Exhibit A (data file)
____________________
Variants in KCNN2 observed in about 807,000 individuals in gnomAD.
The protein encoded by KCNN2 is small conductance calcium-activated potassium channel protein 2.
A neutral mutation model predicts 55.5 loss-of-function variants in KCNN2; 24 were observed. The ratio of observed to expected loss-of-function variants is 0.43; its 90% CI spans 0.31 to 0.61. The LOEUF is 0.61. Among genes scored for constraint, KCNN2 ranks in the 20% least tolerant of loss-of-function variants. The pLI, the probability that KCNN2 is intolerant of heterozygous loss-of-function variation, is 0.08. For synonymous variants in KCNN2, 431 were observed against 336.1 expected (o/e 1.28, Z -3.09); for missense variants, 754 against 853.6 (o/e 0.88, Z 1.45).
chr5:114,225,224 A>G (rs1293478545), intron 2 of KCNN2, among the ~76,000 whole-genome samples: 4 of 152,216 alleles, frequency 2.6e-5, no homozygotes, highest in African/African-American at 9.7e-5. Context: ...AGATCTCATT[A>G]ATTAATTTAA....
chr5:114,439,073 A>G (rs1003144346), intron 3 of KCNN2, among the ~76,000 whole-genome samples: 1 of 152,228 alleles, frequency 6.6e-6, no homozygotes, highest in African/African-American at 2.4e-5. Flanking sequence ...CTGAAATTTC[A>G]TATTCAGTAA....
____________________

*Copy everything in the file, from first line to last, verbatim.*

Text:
Variants in KCNN2 observed in about 807,000 individuals in gnomAD.
The protein encoded by KCNN2 is small conductance calcium-activated potassium channel protein 2.
A neutral mutation model predicts 55.5 loss-of-function variants in KCNN2; 24 were observed. The ratio of observed to expected loss-of-function variants is 0.43; its 90% CI spans 0.31 to 0.61. The LOEUF is 0.61. Among genes scored for constraint, KCNN2 ranks in the 20% least tolerant of loss-of-function variants. The pLI, the probability that KCNN2 is intolerant of heterozygous loss-of-function variation, is 0.08. For synonymous variants in KCNN2, 431 were observed against 336.1 expected (o/e 1.28, Z -3.09); for missense variants, 754 against 853.6 (o/e 0.88, Z 1.45).
chr5:114,225,224 A>G (rs1293478545), intron 2 of KCNN2, among the ~76,000 whole-genome samples: 4 of 152,216 alleles, frequency 2.6e-5, no homozygotes, highest in African/African-American at 9.7e-5. Context: ...AGATCTCATT[A>G]ATTAATTTAA....
chr5:114,439,073 A>G (rs1003144346), intron 3 of KCNN2, among the ~76,000 whole-genome samples: 1 of 152,228 alleles, frequency 6.6e-6, no homozygotes, highest in African/African-American at 2.4e-5. Flanking sequence ...CTGAAATTTC[A>G]TATTCAGTAA....